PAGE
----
The duo let their masks slip as they're joined by a low-key trio who are similarly hooded like a 1930s Flash Gordon serial. Christina Hizon joins Tennant upfront to provide vocals on the disco-tastic Burn and a smattering of violin on Love is a Bourgeois Concept, on which Tennant also plays the keyboard melody. Crucially, it is the artfully executed martial drum-beats provided by Afrika Green and former house drummer with uber production team Xenomania, Simon Tellier, that both add a human pulse to the synthesised rhythms as well as recalling the sort of syncopated reveille that moved between protest march and 1990s rave.

After this initial amyl nitrate inspired flourish of dancefloor nuggets, the mood shifts somewhere between melodrama and melancholy. For the synthesised stentorian tones of The Dictator Decides, Tennant appears in a Russian hat, great-coat and shades, as if he's just stepped out of a John Le Carre novel to sing of how 'My Facts Are Invented'. For all the industrial stylings and cloak-and-dagger discretion, we probably know who he means.

West End Girls is a now classic snapshot of its own past seen through the filter of a detached outsider. The song's deadpan observations of aspiration, class division and the allure of London's big city bright lights are as much a social document of its era as a Channel 4 documentary. Winner , from 2012,'s Elysium album, is a heroic and really rather lovely piece of triumphalist self-affirmation, and Home and Dry a sun-kissed postcard from parted lovers.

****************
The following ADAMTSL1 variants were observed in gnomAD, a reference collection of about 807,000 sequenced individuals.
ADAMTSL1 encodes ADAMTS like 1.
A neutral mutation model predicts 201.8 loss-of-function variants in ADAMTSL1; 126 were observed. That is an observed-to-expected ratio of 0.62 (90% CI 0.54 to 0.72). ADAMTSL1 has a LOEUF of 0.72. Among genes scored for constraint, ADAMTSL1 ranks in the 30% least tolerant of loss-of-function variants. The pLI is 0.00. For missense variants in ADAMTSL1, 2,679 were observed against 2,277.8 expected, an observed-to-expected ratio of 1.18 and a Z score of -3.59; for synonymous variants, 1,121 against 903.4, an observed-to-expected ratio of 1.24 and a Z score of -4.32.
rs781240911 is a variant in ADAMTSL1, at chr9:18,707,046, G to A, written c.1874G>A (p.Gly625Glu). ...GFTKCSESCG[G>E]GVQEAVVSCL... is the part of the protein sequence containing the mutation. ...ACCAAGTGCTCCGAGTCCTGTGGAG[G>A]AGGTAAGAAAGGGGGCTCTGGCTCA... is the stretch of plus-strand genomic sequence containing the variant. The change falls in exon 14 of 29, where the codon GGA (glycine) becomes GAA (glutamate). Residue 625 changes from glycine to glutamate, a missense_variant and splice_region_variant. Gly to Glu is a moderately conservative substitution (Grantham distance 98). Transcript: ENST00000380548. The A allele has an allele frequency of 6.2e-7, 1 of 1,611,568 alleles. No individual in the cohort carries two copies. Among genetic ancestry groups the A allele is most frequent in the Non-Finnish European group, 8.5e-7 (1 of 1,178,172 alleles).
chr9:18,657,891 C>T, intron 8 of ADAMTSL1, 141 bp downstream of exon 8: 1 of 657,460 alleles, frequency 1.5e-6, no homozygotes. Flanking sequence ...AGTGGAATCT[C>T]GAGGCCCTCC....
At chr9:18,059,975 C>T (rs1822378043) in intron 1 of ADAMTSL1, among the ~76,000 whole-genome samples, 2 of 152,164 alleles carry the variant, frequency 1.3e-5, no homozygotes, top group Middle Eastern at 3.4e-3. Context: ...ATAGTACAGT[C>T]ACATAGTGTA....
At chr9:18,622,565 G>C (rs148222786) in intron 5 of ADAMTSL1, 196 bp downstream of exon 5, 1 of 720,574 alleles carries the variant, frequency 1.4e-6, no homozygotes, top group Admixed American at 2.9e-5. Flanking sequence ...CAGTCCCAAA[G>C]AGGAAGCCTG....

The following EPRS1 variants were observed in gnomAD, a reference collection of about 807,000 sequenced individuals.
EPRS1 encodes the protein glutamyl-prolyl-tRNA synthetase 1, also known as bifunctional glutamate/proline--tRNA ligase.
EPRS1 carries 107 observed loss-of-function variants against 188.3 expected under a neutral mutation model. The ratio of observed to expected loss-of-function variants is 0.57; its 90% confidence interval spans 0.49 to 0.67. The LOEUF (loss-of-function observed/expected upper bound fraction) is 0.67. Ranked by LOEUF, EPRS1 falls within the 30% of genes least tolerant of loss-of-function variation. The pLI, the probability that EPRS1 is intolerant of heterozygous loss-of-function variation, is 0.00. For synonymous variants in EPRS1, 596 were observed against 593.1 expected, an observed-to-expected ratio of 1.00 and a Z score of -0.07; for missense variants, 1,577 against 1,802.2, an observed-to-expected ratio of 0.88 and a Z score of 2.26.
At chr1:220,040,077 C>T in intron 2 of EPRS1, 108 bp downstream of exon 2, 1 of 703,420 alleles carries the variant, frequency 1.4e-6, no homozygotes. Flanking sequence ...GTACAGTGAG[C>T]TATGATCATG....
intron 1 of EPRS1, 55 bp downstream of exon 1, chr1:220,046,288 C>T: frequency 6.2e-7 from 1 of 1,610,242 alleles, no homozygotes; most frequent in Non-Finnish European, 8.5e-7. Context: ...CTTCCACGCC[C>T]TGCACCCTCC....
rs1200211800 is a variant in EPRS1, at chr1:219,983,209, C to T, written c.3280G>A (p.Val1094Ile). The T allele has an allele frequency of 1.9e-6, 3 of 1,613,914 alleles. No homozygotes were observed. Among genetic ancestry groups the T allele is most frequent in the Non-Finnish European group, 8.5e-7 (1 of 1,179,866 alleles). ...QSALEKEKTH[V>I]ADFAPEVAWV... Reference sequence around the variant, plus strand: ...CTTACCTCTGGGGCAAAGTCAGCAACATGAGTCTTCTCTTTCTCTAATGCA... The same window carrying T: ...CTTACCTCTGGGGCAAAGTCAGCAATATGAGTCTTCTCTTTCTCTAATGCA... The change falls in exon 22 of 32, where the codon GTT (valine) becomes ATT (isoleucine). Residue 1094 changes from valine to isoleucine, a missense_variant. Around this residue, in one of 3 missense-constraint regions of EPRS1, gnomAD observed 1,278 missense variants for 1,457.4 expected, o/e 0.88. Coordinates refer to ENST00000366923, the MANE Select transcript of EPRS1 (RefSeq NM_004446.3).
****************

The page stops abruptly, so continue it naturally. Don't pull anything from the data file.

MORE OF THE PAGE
Things crank back up to second-wind larging it mode for Vocal, which dissects the experience of a night out with an earnestness that borders on poignant. Not that anyone in the moment of their own night out lost in the accompanying maze of lasers and neon catherine wheel rush cares overly much. Things move into a hit factory home stretch of It's A Sin, Left to My Own Devices and a Go West played against a back-drop of giant primary coloured lamp-shades that have just appeared from the sky.

Tennant conducts the audience for a singalong, a maestro's move he continues for the encores of Domino Dancing and a joyous Always on My Mind, with the band returning with day-glo football globe type constructions covering their heads.

Pet Shop Boys songs at their best are fly-on-the-wall social-realist vignettes awash with intimate intrigues and possibly true confessions. Heard live, they are also the ultimate party soundtrack for yesterday's hedonists who, as the show's final reprise of The Pop Kids suggests, have still got it, and will have for a long time to come yet.

 
Product, February 2017

Wednesday, 22 February 2017

Usurper - The Big Five (Singing Knives)

In the jungle, the mighty jungle, something is stirring. Or at least it is in the world of Usurper, the
Edinburgh-based duo of Malcy Duff and Ali Robertson, whose sonic missives over the last decade have become increasingly-expansive exercises in performance that go beyond notions of sound art. Through a series of sketches, routines and goof-offs, all punctuated by noises off made by a bucket-load of acquired junk, Usurper's modus operandi falls somewhere between Samuel Beckett, The Goons and Tex Avery by way of John Hurt's experimental sound designer in Jerzy Skolimowski's neglected 1978 film, The Shout.